This is also different to the other 1892 article originally found by Mike Covell in that the blackmailing isn't mentioned, the sentence or nationality isn't mentioned and we have the new detail that the suspect was shadowed 'day and night'
                        It's either a garbled version ( how many 1892 suspects were Scotland Yard detectives pushing in early 1892?) or it does refer to someone else.

                        The letter writer fled the country and has been discussed in other posts, is not connected to Farquaharson's suspect (which was obviously Druitt) or the detective's suspect. It's something different altogether, as has been confirmed by a few people reading the article now.

                        Comment


                        • #42
                          Originally posted by Chris Scott View Post
                          Sorry Debs - now I see what you mean! DOH! I'm a bit slow today:-)
                          No worries Chris. You're allowed, you're still in recovery mode like me.

                          Comment


                          • #43
                            Hi Debs. So it was you who discovered the article? I recall I used it in my 2010 essay. Regardless of who it's referring to, the reporter did a very poor job of making himself understood. Or, to be fair to the reporter, I wonder if it's not a case of the editor shaving off a couple of paragraphs here and there to make the print fit the page.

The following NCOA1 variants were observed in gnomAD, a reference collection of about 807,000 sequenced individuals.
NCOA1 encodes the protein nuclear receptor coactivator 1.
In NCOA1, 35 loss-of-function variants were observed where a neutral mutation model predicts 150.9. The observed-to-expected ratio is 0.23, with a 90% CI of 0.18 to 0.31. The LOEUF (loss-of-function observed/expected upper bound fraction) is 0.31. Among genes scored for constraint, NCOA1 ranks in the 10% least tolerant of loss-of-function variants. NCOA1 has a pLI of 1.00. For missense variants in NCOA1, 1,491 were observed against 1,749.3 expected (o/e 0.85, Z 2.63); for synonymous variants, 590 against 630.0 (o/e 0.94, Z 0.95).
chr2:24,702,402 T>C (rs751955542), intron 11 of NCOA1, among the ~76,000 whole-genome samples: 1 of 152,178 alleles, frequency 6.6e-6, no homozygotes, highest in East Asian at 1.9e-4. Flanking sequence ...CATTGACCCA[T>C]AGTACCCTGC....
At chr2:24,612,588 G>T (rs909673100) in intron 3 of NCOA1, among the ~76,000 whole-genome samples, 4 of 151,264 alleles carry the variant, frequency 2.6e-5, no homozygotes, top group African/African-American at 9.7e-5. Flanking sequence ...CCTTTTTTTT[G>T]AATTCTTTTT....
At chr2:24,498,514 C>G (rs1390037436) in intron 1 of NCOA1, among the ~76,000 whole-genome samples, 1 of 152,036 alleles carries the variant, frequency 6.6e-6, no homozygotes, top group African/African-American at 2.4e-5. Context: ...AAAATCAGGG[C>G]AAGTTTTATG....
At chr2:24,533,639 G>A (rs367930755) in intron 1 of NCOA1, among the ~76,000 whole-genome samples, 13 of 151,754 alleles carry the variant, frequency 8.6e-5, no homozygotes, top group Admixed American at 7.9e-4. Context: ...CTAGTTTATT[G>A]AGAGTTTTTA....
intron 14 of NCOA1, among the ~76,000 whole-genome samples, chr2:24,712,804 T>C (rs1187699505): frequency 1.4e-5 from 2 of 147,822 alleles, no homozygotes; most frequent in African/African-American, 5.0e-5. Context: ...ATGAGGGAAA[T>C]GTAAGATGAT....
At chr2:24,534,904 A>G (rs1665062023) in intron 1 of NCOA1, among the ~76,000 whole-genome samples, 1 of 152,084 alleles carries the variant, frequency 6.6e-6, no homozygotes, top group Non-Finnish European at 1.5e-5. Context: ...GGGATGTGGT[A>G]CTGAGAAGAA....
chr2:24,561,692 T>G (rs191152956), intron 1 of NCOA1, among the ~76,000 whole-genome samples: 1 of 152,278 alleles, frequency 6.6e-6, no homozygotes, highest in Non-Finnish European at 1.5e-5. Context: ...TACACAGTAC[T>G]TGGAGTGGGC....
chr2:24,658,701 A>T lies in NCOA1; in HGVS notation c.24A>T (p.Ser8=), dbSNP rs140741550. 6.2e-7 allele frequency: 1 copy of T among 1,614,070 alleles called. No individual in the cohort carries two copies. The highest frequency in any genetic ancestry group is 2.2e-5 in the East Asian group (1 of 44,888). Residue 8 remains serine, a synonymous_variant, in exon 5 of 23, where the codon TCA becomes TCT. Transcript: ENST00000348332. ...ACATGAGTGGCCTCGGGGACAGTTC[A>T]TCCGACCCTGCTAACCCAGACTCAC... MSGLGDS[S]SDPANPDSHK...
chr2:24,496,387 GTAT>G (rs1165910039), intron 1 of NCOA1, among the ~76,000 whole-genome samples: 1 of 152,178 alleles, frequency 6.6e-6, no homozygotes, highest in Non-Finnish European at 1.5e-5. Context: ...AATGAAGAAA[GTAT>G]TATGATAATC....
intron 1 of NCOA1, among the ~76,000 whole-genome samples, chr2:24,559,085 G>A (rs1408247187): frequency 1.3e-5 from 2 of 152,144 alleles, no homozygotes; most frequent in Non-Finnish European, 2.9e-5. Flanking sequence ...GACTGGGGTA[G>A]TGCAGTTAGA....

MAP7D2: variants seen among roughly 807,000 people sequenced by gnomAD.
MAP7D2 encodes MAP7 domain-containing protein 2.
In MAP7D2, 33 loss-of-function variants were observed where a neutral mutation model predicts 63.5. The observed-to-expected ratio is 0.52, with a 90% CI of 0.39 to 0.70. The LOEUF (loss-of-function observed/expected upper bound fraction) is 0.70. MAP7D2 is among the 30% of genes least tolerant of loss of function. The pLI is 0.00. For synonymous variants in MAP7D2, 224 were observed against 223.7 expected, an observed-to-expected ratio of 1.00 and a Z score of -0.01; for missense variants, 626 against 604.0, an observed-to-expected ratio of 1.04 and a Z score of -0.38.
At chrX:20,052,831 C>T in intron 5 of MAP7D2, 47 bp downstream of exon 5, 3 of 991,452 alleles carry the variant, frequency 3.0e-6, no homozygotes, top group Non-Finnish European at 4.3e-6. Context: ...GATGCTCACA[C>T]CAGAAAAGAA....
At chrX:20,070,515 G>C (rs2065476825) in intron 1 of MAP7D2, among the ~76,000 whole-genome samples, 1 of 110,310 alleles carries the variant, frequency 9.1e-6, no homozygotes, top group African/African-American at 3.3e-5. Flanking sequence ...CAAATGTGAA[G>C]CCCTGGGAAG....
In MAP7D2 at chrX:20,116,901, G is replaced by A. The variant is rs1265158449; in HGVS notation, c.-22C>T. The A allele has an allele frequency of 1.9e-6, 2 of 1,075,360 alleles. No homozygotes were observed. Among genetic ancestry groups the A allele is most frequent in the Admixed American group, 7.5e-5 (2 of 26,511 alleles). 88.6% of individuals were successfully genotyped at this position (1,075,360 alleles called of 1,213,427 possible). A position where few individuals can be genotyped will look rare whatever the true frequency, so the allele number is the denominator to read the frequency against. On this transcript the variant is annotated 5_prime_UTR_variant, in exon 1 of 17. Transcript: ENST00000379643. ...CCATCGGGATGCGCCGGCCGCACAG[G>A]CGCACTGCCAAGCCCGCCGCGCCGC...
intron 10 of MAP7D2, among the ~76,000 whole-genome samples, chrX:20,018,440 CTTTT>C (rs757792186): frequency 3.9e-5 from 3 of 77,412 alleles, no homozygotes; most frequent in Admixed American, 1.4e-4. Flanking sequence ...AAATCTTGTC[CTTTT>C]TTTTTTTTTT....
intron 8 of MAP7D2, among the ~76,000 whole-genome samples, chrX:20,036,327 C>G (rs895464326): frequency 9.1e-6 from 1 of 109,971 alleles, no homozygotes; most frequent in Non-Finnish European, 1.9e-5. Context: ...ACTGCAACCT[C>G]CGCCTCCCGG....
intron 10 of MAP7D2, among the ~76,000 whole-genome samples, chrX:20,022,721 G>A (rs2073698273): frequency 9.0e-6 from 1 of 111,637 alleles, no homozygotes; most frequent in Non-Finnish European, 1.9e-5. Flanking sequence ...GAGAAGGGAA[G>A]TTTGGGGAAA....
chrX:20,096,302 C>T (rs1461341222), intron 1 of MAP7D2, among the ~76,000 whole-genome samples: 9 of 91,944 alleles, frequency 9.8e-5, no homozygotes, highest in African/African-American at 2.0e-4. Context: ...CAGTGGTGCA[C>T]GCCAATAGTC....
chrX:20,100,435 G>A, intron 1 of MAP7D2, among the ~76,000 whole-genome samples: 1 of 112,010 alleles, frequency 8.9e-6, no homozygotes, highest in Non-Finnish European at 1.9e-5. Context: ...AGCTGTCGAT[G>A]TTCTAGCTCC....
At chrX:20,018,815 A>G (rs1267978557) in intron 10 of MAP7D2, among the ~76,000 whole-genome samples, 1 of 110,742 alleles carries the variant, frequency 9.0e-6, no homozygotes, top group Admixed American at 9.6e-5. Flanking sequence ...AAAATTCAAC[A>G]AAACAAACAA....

Yours truly,

                            Tom Wescott

                            Comment


                            • #44
                              Debs:

                              Good work on post # 41...for pointing out the differences between articles.

                              XXX
                              To Join JTR Forums :
                              Contact Howard@jtrforums.com

                              Comment


                              • #45
                                Originally posted by Tom_Wescott View Post
                                Hi Debs. So it was you who discovered the article? I recall I used it in my 2010 essay. Regardless of who it's referring to, the reporter did a very poor job of making himself understood. Or, to be fair to the reporter, I wonder if it's not a case of the editor shaving off a couple of paragraphs here and there to make the print fit the page.

                                Yours truly,

                                Tom Wescott
                                I don't remember who found it! You do mention it in your Le Grand essay. Jonathon used it in his, and Simon recently posted it and sparked more discussion.
                                The reporter seems to say (to me), that Farquaharson' suspect is no longer a valid one as Scotland Yard themselves have released details of another suspect, watched day and night, who quit when he knew he was being watched.
                                This doesn't apply to Le Grand, but yet, how many detectives at Scotland Yard, which is one point in common, were releasing details of a suspect in early 1892? And why?
                                There were either two legitimate alternative to Farquaharson's suspect (Druitt)still being considered in early 1892, one being Le Grand as we know, and Scotland Yard said 'spread the word' ...or there's a mix up. But that doesn't seem right when not one element of the Le Grand story is incorporated, just an entirely new and unrelated event.

                                Comment

                                Working...
                                X